Check out the official Cache Enabler documentation when configuring and testing it on your WordPress site.
3. Comet Cache
The Comet Cache plugin is a reputable and popular solution with both free and paid versions. The paid version starts at $39 and goes all the way up to $139. This a one-time fee, but you can pay additional fees if you’d like extended customer support. Comet Cache has similar features as the previous caching plugins, but one area it excels at is the documentation.
Comet Cache is fairly easy to install and simple to move around the dashboard. However, it beats out the majority of the competition in the documentation department. Even on the regular WordPress plugin page, you’ll find dozens of links and FAQs to guide you and educate you about caching.
A full knowledge base and blog are provided on the Comet Cache website, and you’ll see all sorts of information comparing the free and pro versions. Much of the reason you might upgrade to the pro version is that of its automation. Basically, you’re able to set it and forget it, allowing the caching plugin to do most of the work for you.
The free version does most of the same tasks, but some of the time you have to complete those tasks manually. The client-side browser caching comes in handy as well, since you’re essentially double caching, with the server on your end and the browser on the user’s end.
Why is this one of the best WordPress caching plugins?
- Comet Cache features a fast configuration and a reasonable backend for setting up your caching within minutes.
- Caching can be done on posts, pages, categories, or tags.
- The paid version offers automatic and intelligent cache clearing. This way you have the option to set the caching preferences upon installation and forget about them into the future.
- RSS feeds can be cached to ensure that none of your content syndication is delayed.
- Most of the primary features are given away for free, so you don’t necessarily have to upgrade to the paid version.
- The premium version is just about the same as what you would get from WP Rocket, so we’d recommend testing out both to see which one you like the best.
Check out the official Comet Cache documentation and community forum when configuring and testing it on your WordPress site.
4. W3 Total Cache
As one of the most popular plugins in the WordPress plugin library, W3 Total Cache is a common WordPress caching plugin shown on these types of roundups.
Although we like it for a free solution, it’s far from perfect (and actually it could hurt performance if you’re with Kinsta). The main downside is that the backend settings are often quite plentiful and difficult to understand. The developers do a decent job of completing the right settings for you, but beginners will still find it confusing.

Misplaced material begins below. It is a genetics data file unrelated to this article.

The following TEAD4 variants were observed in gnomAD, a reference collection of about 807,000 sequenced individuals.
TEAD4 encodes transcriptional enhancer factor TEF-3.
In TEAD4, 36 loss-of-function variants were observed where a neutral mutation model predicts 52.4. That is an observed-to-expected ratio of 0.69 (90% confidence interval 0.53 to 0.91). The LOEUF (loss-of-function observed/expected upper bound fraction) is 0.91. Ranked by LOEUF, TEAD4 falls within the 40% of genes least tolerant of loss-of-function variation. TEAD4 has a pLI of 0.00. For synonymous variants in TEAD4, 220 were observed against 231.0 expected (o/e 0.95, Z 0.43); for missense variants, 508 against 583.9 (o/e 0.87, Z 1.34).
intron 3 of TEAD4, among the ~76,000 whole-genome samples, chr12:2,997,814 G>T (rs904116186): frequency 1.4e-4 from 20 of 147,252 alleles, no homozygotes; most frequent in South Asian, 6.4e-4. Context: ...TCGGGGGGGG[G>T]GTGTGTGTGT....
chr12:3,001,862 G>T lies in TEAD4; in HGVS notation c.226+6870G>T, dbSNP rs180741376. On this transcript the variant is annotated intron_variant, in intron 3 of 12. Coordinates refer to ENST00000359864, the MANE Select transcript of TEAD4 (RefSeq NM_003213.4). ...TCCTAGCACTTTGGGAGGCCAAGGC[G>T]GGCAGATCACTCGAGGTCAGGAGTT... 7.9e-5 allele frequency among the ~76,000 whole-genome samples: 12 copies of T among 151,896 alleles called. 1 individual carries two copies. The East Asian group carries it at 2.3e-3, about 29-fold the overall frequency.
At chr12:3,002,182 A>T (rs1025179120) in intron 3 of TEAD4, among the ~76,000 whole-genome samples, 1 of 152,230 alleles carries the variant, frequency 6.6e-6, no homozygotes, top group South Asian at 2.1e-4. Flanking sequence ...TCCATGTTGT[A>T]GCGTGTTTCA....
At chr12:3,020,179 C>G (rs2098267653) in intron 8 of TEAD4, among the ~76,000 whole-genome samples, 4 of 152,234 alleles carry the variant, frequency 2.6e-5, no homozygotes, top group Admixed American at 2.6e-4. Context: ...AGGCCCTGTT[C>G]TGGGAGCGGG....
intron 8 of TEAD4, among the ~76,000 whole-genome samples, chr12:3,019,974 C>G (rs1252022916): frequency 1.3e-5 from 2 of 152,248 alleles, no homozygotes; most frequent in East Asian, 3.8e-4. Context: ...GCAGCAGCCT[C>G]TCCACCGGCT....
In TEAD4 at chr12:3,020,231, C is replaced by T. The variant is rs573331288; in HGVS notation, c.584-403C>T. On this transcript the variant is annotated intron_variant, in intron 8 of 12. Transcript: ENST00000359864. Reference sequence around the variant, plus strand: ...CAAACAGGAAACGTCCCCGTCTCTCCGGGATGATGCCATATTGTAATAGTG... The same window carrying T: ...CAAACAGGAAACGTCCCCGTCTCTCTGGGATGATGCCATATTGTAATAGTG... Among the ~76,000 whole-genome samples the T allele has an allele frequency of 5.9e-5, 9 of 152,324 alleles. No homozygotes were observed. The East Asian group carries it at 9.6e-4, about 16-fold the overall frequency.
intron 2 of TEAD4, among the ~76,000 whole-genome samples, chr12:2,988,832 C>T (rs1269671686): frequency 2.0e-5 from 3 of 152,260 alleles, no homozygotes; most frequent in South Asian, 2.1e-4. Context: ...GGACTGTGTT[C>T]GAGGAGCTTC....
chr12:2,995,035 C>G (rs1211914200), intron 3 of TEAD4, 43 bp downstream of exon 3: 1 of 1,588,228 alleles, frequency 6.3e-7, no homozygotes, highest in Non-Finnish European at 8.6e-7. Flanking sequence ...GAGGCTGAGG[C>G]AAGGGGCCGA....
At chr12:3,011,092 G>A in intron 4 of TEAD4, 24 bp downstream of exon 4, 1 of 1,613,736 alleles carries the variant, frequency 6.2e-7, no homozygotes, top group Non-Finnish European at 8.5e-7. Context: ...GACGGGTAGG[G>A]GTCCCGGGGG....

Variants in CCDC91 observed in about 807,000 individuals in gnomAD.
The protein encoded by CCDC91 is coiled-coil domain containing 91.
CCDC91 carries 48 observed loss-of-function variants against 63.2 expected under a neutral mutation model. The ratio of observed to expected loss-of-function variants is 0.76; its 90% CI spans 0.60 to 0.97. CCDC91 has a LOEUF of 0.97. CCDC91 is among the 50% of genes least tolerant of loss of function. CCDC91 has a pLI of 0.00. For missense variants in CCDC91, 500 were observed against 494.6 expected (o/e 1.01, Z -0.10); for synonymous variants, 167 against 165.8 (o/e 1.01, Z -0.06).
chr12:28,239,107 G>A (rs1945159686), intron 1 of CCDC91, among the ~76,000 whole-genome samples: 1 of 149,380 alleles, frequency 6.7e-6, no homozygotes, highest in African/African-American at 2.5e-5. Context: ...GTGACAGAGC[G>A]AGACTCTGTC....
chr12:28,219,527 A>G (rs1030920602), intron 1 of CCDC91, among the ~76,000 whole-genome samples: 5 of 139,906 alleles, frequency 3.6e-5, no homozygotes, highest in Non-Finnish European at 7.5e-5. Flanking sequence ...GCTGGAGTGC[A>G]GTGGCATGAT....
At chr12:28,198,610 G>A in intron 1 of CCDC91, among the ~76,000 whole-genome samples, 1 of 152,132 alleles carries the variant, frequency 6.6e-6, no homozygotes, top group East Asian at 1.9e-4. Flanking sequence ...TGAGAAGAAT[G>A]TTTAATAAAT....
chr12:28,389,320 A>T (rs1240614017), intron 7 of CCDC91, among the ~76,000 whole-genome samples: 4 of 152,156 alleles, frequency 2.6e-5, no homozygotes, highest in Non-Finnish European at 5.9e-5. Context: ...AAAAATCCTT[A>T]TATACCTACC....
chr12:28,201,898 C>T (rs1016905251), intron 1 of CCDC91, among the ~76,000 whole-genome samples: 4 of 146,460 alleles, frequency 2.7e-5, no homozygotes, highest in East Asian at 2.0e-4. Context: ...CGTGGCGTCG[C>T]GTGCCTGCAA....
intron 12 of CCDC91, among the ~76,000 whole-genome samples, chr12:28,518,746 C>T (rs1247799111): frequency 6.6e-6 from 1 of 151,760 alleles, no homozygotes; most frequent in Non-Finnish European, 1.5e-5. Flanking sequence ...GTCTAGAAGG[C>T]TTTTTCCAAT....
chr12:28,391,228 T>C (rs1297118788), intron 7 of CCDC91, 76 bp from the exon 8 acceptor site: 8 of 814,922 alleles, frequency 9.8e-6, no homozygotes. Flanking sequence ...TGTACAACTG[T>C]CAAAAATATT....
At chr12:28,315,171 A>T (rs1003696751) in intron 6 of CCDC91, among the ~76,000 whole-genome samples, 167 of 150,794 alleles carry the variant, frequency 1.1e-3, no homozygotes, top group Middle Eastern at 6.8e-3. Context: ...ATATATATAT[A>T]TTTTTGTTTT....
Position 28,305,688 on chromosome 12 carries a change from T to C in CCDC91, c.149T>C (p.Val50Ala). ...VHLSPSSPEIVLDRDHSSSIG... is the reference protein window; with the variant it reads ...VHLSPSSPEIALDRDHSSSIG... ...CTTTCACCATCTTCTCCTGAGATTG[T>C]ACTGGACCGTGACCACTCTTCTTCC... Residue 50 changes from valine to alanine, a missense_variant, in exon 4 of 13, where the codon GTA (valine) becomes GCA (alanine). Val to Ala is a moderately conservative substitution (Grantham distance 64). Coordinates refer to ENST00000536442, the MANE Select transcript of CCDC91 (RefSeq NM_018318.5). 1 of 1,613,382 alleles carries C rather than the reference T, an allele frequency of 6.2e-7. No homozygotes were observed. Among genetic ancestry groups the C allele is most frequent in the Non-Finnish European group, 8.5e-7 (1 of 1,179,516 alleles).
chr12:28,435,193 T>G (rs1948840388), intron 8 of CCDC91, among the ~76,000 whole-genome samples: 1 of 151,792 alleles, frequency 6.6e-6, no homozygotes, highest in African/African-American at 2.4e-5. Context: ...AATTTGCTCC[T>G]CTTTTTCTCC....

That said, W3 Total Cache is a free, open-source WordPress caching plugin with millions of installations. It has the advantage of integrating with a CDN, and it works well for mobile-friendly sites as well as regular desktop ones. The plugin also boasts that it’s a useful companion for websites with SSL certificates, making it an ideal speed solution for eCommerce stores.
Since W3 Total Cache is an open-source plugin you don’t have to pay any money for it. All of the features are includes with the base plugin, with no upgrades suggested along the way. The good news is that the plugin covers you on multiple fronts, like by offering bandwidth savings through minifications, HTTP compression, and feed optimization.
As we mentioned before, it’s not our favorite backend configuration, but that also might just be personal preference. Regardless, a WordPress caching plugin such as W3 Total cache is bound to improve your overall site performance and boost your conversion rates because of that site performance.
Why is this one of the best WordPress caching plugins?
- W3 Total Cache is completely free and it provides the majority of caching plugins you’ll need to keep your site fast and highly-optimized.
- Although you shouldn’t always follow the crowd, popularity is often an indicator of quality. W3 Total Cache has thousands of great reviews and millions of installations.
- The plugin is compatible with all sorts of hosting options such as dedicated servers, shared hosting, and clusters.
- Caching is provided for all mobile environments as well. This way, when someone lands on your website while on a mobile device, they still get the same benefits of caching as they would on a desktop
- SSL support is provided for when you’re trying to make your online store faster.
- The CDN works with the media library so that you’re able to see how well your images are being optimized.
- Minification and compression are provided, along with caching of your database, objects on your disk, and posts.
- Support for Object caching.
We have a very detailed guide with all of the W3 Total Cache settings and options here.
5. WP Super Cache
WP Super Cache is yet another example of an open-source caching plugin with millions of installations. Most of the time when you search for a caching plugin you’ll see WP Super Cache and W3 Total Cache on the top of the list.
It doesn’t help that they have similar names, but your best bet is to install both of them separately to see which one is your favorite. Some people might be more keen on installing WP Super Cache, simply because it comes from the folks at Automattic.
Anyway, WP Super Cache is free and open-source, with no upgrades needed after the installation. It works efficiently by creating static HTML files and serving those files instead of the heavy WordPress PHP scripts.